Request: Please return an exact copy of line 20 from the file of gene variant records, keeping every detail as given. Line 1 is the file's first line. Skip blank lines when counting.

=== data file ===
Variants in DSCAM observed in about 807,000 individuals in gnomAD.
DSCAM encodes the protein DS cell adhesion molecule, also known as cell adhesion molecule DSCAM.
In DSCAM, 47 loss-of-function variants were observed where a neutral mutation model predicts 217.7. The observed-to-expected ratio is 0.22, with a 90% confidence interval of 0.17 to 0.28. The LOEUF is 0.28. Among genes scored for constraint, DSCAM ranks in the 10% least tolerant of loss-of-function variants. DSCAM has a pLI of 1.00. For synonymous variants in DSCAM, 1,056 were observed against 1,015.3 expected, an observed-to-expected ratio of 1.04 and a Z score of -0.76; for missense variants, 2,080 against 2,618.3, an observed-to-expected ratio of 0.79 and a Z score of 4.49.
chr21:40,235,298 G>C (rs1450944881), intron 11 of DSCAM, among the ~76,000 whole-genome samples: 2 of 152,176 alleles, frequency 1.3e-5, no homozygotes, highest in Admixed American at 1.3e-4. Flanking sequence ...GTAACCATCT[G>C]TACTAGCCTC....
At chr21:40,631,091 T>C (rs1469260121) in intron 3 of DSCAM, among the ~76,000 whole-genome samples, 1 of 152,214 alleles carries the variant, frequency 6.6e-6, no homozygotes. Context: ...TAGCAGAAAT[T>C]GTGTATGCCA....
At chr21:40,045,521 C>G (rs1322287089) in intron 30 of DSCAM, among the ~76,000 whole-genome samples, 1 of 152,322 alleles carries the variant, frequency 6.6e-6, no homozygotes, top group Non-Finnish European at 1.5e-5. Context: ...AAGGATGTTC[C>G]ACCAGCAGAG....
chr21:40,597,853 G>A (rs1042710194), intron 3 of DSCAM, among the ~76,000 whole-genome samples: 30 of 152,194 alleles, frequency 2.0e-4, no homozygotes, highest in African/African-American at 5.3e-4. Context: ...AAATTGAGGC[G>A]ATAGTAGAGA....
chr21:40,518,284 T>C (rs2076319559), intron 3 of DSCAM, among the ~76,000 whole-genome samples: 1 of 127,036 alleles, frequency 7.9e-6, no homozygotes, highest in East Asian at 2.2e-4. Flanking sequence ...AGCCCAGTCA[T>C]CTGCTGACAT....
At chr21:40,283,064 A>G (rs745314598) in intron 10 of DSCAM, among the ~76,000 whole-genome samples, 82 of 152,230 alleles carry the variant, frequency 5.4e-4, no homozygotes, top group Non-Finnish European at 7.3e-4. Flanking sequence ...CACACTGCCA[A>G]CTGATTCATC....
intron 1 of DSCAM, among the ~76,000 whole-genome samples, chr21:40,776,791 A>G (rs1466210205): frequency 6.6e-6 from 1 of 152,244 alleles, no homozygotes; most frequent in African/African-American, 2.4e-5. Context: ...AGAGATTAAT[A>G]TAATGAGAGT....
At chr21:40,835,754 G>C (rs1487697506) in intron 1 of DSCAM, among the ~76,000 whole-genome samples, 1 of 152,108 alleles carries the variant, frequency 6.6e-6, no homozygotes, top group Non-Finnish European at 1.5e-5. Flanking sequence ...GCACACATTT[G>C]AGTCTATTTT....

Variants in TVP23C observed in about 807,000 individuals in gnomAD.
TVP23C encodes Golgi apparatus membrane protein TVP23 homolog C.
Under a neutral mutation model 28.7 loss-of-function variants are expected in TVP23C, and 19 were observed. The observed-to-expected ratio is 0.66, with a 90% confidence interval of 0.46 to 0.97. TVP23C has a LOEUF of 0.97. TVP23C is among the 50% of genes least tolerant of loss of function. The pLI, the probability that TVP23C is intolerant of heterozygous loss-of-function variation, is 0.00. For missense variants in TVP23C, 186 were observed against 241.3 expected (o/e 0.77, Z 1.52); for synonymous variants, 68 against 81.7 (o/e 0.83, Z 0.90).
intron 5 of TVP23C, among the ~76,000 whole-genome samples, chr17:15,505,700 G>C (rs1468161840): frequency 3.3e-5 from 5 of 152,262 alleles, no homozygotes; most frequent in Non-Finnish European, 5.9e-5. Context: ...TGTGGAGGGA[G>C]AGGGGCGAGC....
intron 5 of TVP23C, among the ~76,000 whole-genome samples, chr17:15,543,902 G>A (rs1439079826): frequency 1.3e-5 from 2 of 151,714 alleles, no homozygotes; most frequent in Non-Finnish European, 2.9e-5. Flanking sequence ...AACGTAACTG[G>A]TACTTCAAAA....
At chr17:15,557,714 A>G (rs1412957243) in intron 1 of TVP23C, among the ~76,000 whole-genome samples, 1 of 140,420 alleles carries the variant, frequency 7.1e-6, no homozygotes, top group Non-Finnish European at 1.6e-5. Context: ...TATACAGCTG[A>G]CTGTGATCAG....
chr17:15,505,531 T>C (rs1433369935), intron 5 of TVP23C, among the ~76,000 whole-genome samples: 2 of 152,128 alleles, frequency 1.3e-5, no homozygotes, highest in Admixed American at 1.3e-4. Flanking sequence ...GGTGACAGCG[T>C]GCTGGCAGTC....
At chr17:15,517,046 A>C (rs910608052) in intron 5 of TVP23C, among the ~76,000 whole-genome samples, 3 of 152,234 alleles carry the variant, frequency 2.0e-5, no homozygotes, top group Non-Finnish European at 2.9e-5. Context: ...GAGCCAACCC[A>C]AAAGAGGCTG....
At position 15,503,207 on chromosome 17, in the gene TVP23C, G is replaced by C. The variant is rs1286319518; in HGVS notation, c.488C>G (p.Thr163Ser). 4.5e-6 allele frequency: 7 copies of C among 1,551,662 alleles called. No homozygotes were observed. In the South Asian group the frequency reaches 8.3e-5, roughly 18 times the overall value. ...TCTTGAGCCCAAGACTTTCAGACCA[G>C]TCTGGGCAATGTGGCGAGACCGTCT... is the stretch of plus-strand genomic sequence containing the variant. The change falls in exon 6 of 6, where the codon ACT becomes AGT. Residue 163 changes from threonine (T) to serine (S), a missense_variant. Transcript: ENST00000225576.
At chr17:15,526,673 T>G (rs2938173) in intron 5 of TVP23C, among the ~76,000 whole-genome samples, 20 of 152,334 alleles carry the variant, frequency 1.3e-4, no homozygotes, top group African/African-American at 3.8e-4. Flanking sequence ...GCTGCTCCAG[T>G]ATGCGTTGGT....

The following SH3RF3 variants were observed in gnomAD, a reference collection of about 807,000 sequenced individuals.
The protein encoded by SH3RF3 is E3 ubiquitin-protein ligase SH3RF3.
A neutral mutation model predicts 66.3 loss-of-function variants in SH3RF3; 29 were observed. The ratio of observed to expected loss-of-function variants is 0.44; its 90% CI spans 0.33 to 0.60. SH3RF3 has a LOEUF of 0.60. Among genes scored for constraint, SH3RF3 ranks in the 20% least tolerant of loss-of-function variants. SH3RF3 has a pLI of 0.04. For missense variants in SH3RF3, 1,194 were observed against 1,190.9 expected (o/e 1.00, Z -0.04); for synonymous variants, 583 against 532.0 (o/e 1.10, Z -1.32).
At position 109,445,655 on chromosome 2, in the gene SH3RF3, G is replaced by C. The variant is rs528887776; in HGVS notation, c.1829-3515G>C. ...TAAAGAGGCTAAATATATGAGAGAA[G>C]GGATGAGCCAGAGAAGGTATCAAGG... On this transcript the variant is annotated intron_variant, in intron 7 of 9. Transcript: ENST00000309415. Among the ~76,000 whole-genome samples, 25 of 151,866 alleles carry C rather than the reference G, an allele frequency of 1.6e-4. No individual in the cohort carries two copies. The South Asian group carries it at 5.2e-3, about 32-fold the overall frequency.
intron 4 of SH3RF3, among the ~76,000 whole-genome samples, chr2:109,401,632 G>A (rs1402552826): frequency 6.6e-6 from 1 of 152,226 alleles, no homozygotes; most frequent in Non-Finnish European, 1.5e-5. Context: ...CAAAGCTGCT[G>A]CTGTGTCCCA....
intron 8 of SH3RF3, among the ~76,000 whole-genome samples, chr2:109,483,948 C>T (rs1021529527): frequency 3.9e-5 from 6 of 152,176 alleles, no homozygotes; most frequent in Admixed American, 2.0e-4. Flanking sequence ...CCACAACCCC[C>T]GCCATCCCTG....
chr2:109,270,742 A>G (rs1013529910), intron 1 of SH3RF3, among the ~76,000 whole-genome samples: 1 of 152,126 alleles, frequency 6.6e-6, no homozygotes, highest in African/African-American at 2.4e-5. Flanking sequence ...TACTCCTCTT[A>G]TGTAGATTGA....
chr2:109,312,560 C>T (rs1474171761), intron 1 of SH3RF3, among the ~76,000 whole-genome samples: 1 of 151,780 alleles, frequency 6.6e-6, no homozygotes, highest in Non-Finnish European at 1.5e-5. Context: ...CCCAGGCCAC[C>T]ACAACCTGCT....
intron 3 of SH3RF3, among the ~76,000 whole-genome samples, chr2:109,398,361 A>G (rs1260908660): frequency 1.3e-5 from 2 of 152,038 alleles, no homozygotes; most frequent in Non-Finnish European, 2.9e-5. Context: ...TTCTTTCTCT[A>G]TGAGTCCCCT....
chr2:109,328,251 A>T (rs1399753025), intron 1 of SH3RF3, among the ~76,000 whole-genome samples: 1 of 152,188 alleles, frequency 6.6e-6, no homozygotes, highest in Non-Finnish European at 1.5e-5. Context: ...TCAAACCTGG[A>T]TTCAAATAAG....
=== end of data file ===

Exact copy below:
At position 15,503,207 on chromosome 17, in the gene TVP23C, G is replaced by C. The variant is rs1286319518; in HGVS notation, c.488C>G (p.Thr163Ser). 4.5e-6 allele frequency: 7 copies of C among 1,551,662 alleles called. No homozygotes were observed. In the South Asian group the frequency reaches 8.3e-5, roughly 18 times the overall value. ...TCTTGAGCCCAAGACTTTCAGACCA[G>C]TCTGGGCAATGTGGCGAGACCGTCT... is the stretch of plus-strand genomic sequence containing the variant. The change falls in exon 6 of 6, where the codon ACT becomes AGT. Residue 163 changes from threonine (T) to serine (S), a missense_variant. Transcript: ENST00000225576.